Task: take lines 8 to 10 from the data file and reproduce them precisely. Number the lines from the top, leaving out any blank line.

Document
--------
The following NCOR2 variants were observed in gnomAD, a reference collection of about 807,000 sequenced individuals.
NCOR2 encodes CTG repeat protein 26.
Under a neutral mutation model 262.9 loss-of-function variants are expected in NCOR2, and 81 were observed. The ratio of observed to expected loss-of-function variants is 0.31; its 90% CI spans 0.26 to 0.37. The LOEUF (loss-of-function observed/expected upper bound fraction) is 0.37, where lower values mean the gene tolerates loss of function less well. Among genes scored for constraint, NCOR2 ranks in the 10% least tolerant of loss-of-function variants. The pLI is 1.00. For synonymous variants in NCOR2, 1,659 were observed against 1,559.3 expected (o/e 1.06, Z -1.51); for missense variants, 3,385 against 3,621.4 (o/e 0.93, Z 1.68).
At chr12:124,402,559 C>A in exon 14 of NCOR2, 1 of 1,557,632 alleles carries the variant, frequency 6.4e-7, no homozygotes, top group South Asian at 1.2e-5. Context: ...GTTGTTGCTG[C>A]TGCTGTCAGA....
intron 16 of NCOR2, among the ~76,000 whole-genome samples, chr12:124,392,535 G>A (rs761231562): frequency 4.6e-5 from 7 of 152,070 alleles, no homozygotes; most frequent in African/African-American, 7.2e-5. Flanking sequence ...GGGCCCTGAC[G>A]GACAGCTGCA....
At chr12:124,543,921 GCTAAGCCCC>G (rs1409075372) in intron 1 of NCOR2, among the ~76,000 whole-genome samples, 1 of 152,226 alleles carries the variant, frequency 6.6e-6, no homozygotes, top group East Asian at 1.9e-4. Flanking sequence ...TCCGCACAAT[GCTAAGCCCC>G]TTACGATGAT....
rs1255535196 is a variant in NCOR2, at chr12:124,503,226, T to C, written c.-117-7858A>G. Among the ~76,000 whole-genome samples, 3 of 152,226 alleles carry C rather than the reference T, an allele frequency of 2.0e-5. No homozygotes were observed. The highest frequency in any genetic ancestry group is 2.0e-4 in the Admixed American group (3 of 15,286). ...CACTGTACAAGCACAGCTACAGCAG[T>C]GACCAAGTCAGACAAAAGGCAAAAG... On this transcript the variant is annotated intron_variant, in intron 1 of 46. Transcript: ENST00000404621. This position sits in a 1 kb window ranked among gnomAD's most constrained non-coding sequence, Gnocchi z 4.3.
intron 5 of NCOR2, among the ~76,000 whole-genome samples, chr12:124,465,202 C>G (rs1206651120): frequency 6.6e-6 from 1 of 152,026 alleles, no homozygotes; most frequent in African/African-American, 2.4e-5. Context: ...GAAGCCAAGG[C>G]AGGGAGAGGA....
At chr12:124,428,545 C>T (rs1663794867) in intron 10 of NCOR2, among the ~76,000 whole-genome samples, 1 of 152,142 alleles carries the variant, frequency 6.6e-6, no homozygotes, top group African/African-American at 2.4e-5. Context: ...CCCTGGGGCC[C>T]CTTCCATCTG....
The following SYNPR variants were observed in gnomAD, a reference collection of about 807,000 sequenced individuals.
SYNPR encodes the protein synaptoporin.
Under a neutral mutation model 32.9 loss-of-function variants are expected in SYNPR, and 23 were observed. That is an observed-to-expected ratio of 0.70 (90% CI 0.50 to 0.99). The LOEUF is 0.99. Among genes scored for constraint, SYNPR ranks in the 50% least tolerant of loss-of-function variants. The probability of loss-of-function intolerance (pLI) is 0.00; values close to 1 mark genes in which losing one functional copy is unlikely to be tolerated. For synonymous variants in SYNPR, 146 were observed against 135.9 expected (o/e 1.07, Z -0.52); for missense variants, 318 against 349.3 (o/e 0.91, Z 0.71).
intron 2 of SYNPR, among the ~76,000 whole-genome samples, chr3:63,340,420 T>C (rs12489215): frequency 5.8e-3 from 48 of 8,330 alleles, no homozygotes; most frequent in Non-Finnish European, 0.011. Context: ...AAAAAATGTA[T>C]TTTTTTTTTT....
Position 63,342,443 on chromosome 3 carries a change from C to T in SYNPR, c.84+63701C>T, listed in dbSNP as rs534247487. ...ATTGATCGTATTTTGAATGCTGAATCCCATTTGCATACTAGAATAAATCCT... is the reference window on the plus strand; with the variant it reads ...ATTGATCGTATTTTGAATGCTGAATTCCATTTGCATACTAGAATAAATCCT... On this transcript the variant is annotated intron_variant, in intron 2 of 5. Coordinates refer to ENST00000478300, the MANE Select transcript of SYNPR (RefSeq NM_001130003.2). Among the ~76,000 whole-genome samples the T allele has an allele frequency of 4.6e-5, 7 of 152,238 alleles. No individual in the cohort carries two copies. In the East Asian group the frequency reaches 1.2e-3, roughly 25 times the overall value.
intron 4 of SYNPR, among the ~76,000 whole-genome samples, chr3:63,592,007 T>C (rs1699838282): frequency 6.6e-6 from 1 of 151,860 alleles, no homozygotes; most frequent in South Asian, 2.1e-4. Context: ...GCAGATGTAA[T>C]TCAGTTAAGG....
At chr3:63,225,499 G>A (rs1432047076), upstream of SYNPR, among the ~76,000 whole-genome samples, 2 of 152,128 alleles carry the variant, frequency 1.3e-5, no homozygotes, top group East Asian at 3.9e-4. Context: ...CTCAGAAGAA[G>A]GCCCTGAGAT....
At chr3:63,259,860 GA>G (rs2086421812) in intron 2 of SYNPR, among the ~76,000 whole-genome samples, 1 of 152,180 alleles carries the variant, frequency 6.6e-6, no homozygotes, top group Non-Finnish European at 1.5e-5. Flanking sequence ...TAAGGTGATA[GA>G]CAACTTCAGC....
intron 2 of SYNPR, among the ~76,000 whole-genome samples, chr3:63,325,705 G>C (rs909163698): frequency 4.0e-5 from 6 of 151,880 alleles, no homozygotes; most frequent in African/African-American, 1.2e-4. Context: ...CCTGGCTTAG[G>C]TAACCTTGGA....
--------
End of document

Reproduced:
intron 5 of NCOR2, among the ~76,000 whole-genome samples, chr12:124,465,202 C>G (rs1206651120): frequency 6.6e-6 from 1 of 152,026 alleles, no homozygotes; most frequent in African/African-American, 2.4e-5. Context: ...GAAGCCAAGG[C>G]AGGGAGAGGA....
At chr12:124,428,545 C>T (rs1663794867) in intron 10 of NCOR2, among the ~76,000 whole-genome samples, 1 of 152,142 alleles carries the variant, frequency 6.6e-6, no homozygotes, top group African/African-American at 2.4e-5. Context: ...CCCTGGGGCC[C>T]CTTCCATCTG....
The following SYNPR variants were observed in gnomAD, a reference collection of about 807,000 sequenced individuals.